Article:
Kenya Airways, to be fair, do not really have a bad reputation.

  • I am less sure about Kenya Airways. We had a very bad experience with them a couple of years ago when Nairobi Airport burned down and we were stranded in Zanzibar for three days. They were completely and utterly clueless. We eventually paid a real fortune to fly to Dar es Salaam and then catch an SAA flight to Jnb. Kenya AIrways could not have cared less. Nairobi Airport, when we passed through a few days before the fire, was a visible death trap. I would not fly with them again. I know the airport and the airline are separate but there is a funny culture about both. And don’t get me started on Precision Airlines.

  • Neil, that is news to me. Mind, I was only in Nairobi once, in Citation that I flew myself But then, when I was flying with Ryanair I was supoosed to depart from Kerry, in Ireland to Luton. The entire south of the UK and Ireland was fogged in, not a hope to land anywhere near. We probably would have had to divert to Belfast. All ground staff had gone home before we even had started the engines. It was quite probable that there would not have been anyone from the company to meet us at Belfast, let alone organise transport and hotels. So I took the decision myself to offload the passengers and postpone the flight until the next morning early 07:00..
    This worked very well, all except one passenger showed up the next morning, but if I had not taken the initiative myself the treatment of the passengers would not have been much better than what you describe.

  • They admit to “substantial damage”, but claim “Both planes were scheduled to return to service in the next few days hence no disruption to normal operations.” It’s hard to judge one way or another from the photos, but I wouldn’t assume either plane will ever be airworthy, let alone being able to “return to service in the next few days”. Automobiles are reinforced to provide some protection against being hit from the side (sometimes colorfully called “T-boning”); I would not expect such reinforcement in airplanes, so the engine of the moving plane might just have punctured the skin of the parked plane or might have bent its skeleton (behind/below the captain’s seat) more than could be safely repaired — and if it did that kind of damage, the moving plane’s wing skeleton would also have been stressed.

    Rudy — I don’t find detailed specs on that family of aircraft (in a cursory search), but I’d be surprised if it were as hot as a Lear; from what I read, the capacity for really high power can affect fuel economy even in normal operations, and economy is the name of the game for fare-carrying aircraft these days. I suspect “jumped the chocks” is bafflegab for “we just dropped the chocks on the hanger floor instead of setting them properly”, or maybe even “we didn’t bother with chocks, figuring the brakes would be enough, but nobody can prove it against us” — but yes, starting an engine inside a hanger sounds like a damnfool stunt. It will be interesting to hear what facts come out of this mess.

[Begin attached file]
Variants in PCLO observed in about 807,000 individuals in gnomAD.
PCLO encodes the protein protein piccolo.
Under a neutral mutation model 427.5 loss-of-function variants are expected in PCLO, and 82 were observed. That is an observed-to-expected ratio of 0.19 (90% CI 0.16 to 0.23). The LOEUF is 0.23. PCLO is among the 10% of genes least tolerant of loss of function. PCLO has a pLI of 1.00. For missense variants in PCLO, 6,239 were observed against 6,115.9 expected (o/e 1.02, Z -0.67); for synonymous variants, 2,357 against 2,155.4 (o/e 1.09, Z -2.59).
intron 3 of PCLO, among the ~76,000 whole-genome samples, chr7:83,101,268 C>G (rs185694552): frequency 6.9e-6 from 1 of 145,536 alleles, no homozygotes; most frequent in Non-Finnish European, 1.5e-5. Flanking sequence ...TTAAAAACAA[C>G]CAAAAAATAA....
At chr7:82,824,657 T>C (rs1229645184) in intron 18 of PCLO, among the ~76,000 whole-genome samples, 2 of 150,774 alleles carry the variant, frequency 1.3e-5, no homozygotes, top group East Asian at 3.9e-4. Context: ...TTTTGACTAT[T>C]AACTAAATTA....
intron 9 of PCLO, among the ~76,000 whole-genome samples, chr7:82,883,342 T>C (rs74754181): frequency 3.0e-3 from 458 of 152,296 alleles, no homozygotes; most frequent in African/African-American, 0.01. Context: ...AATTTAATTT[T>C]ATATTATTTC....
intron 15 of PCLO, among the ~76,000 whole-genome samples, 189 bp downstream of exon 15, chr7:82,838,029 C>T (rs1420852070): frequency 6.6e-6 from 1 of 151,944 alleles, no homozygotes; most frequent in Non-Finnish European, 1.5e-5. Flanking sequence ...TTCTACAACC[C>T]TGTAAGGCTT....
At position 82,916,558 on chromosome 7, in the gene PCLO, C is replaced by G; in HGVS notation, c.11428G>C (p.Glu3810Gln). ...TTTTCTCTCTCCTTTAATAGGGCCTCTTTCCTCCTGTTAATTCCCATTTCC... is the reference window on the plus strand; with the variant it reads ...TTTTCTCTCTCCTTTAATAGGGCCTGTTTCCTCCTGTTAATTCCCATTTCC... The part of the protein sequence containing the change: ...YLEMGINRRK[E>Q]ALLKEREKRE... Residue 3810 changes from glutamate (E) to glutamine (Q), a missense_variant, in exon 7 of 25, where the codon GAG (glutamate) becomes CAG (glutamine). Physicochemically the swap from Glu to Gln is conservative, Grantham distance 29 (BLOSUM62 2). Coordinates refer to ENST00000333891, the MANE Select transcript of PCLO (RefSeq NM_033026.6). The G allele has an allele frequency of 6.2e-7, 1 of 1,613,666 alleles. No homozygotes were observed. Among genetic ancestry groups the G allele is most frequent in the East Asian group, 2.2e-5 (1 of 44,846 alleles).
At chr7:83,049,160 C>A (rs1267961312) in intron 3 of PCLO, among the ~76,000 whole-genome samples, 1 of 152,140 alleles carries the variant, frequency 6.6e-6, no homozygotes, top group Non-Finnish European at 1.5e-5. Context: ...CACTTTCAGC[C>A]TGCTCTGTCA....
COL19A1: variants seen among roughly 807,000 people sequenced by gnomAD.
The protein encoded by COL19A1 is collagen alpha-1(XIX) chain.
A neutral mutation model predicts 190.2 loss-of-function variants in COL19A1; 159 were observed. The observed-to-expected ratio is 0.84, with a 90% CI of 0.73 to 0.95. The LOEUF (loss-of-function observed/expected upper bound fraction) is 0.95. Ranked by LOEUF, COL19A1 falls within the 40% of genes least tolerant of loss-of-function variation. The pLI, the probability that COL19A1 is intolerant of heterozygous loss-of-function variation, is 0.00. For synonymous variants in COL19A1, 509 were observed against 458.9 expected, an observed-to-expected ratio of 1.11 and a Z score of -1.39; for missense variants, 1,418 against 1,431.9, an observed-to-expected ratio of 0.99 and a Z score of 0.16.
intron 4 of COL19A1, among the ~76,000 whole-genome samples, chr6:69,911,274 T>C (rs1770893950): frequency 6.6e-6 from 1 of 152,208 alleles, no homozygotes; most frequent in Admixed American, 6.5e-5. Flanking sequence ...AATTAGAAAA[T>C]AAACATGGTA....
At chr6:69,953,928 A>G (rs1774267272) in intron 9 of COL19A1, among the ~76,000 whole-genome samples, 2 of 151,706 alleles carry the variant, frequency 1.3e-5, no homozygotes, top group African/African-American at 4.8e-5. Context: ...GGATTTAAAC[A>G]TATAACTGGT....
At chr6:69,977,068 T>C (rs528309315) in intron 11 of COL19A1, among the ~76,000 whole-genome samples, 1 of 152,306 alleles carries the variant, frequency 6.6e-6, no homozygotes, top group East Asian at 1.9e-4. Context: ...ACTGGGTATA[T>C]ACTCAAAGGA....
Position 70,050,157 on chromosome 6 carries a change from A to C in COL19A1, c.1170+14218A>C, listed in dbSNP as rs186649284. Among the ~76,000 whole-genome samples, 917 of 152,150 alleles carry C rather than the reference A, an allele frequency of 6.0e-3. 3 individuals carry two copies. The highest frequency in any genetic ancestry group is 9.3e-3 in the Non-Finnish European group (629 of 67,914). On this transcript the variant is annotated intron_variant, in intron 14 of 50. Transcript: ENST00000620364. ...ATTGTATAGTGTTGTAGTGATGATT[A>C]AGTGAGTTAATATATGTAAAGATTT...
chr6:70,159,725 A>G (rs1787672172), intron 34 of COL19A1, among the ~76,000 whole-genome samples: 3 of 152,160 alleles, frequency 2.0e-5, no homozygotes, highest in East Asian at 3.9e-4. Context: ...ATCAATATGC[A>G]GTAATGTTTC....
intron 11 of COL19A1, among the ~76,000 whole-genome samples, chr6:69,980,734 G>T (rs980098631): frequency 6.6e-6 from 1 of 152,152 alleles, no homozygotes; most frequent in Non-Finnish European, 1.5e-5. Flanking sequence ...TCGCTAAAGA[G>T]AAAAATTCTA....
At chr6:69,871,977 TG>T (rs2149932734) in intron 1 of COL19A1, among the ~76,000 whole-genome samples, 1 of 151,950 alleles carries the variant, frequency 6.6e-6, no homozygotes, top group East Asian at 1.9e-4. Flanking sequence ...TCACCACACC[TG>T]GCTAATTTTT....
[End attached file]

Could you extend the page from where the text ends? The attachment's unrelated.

• Chip,
    We will be treated to another episode from Sylvia’s inexhaustible repertoire, but just to get back to your comments:
    I was a commercial pilot for about 40 years, from 1969 until 2009.
    And believe me, one look at the photos tell me: those aircraft were SEVERELY damaged. As you mentioned yourself, it is not just a matter of the engines and the skin, but all components underneath need to be examined for stress related damage. Experts from the factory will have to examine whether components like wing spars could be subject to metal fatigue. Remember the DC 10 where non-approved maintenance practice, a short-cut exchanging an engine, caused fatigue in the mountings and led to an engine literally flying up and over the wing, resulting in a slat being pushed in, and an uncontrollable stall?

    Regarding “chock jumping”: power high enough to cause a parked aircraft quite literally to “jump” over chocks placed in front of the main wheels.

    The Lear accident: it came up when I “googled” 5N-ASQ. I was not the pilot, I had left to fly Dr. Tony Ryan’s Corvette EI-BNY.

    And I think “inside” the hanger was a typo, a bit further is reference to it having been outside the hanger. Still, no excuse for a high power run-up on an apron full of parked aircraft. Especially not if the mechanics do not know how to steer or stop it.

    OK Sylvia, let it rip ! Enough said about this.

  • Oh, btw: fuel economy. The aircraft will need to fly at a speed where the speed of the exhaust will be as near to the forward speed of the aircraft as possible, or else fly very high.
    The 20 series Lear was a straight jet, no fan at all.
    A lot of noise and extremely high fuel flow below anything like 37000 feet (FL 370). So we usually, even on a short trip, cruised at and above that level.
    A fan does two things: It reduces the speed of the outflow gases. This is achieved by directing a mantle of slower moving air around the main core of the engine, using a large fan. The actual exhaust gas still has a high velocity, but it no longer is the main component that provides the thrust, at least not at lower altitudes. At higher levels the ratio changes but then the air resistance reduces so there will be a different balance.
    The second advantage: the high velocity gas being pushed out of a straight jet engine streams directly into air with a very much lower speed. Where the two meet, violent ripples, turbulence, causes the crackling sound that once made jet engines unpopular and led to all sorts of complicated noise abatement procedures to reduce the impact on the population living below. The BAC 1-11 was equipped with Rolls-Royce Spey engines. They were older generation fan engines, their bypass ratio was much lower than what is usual now. We would climb as quickly as possible, when approaching the noise level measuring spot (kindly printed on the Jeppesen SID charts) we would power back and allow the aircraft to drift pass that spot, after which we would open the cans again and continue the climb.
    The large fan engines of today may even have triple spools, allowing the air to reduce speed (for economy) an at the same time adjust the velocity of the gas to cause less turbulence and therefore far less noise.